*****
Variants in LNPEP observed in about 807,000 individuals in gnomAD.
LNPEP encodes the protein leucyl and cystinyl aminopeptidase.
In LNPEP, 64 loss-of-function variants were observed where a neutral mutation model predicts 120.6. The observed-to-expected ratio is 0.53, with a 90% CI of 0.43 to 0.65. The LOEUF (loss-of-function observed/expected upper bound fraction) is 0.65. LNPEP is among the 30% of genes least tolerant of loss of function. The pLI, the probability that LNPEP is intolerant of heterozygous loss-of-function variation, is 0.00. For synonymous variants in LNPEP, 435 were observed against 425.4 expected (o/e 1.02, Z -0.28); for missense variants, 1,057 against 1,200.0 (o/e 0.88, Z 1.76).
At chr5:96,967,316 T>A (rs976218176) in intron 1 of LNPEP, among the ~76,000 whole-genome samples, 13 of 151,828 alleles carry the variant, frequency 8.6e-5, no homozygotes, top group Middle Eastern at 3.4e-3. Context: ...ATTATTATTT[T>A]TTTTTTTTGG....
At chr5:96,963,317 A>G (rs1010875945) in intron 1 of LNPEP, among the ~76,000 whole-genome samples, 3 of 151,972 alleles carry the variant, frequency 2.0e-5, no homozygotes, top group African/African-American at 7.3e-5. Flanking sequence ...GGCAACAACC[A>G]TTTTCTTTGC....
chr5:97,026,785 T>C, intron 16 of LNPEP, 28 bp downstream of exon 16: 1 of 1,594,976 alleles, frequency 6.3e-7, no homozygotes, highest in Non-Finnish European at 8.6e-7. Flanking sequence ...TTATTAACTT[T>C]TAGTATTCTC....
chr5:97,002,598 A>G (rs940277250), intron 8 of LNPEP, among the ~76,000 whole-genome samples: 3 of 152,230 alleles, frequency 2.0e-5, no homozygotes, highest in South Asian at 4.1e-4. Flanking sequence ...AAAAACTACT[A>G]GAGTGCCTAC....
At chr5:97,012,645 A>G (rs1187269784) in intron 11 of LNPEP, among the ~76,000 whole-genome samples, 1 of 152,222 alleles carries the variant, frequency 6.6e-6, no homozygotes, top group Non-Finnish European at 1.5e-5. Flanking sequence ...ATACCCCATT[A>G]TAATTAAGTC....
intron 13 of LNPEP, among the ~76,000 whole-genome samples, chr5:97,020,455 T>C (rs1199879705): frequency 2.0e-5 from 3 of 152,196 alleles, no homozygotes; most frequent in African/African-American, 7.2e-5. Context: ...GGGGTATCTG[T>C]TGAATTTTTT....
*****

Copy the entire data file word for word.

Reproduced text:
Variants in LNPEP observed in about 807,000 individuals in gnomAD.
LNPEP encodes the protein leucyl and cystinyl aminopeptidase.
In LNPEP, 64 loss-of-function variants were observed where a neutral mutation model predicts 120.6. The observed-to-expected ratio is 0.53, with a 90% CI of 0.43 to 0.65. The LOEUF (loss-of-function observed/expected upper bound fraction) is 0.65. LNPEP is among the 30% of genes least tolerant of loss of function. The pLI, the probability that LNPEP is intolerant of heterozygous loss-of-function variation, is 0.00. For synonymous variants in LNPEP, 435 were observed against 425.4 expected (o/e 1.02, Z -0.28); for missense variants, 1,057 against 1,200.0 (o/e 0.88, Z 1.76).
At chr5:96,967,316 T>A (rs976218176) in intron 1 of LNPEP, among the ~76,000 whole-genome samples, 13 of 151,828 alleles carry the variant, frequency 8.6e-5, no homozygotes, top group Middle Eastern at 3.4e-3. Context: ...ATTATTATTT[T>A]TTTTTTTTGG....
At chr5:96,963,317 A>G (rs1010875945) in intron 1 of LNPEP, among the ~76,000 whole-genome samples, 3 of 151,972 alleles carry the variant, frequency 2.0e-5, no homozygotes, top group African/African-American at 7.3e-5. Flanking sequence ...GGCAACAACC[A>G]TTTTCTTTGC....
chr5:97,026,785 T>C, intron 16 of LNPEP, 28 bp downstream of exon 16: 1 of 1,594,976 alleles, frequency 6.3e-7, no homozygotes, highest in Non-Finnish European at 8.6e-7. Flanking sequence ...TTATTAACTT[T>C]TAGTATTCTC....
chr5:97,002,598 A>G (rs940277250), intron 8 of LNPEP, among the ~76,000 whole-genome samples: 3 of 152,230 alleles, frequency 2.0e-5, no homozygotes, highest in South Asian at 4.1e-4. Flanking sequence ...AAAAACTACT[A>G]GAGTGCCTAC....
At chr5:97,012,645 A>G (rs1187269784) in intron 11 of LNPEP, among the ~76,000 whole-genome samples, 1 of 152,222 alleles carries the variant, frequency 6.6e-6, no homozygotes, top group Non-Finnish European at 1.5e-5. Flanking sequence ...ATACCCCATT[A>G]TAATTAAGTC....
intron 13 of LNPEP, among the ~76,000 whole-genome samples, chr5:97,020,455 T>C (rs1199879705): frequency 2.0e-5 from 3 of 152,196 alleles, no homozygotes; most frequent in African/African-American, 7.2e-5. Context: ...GGGGTATCTG[T>C]TGAATTTTTT....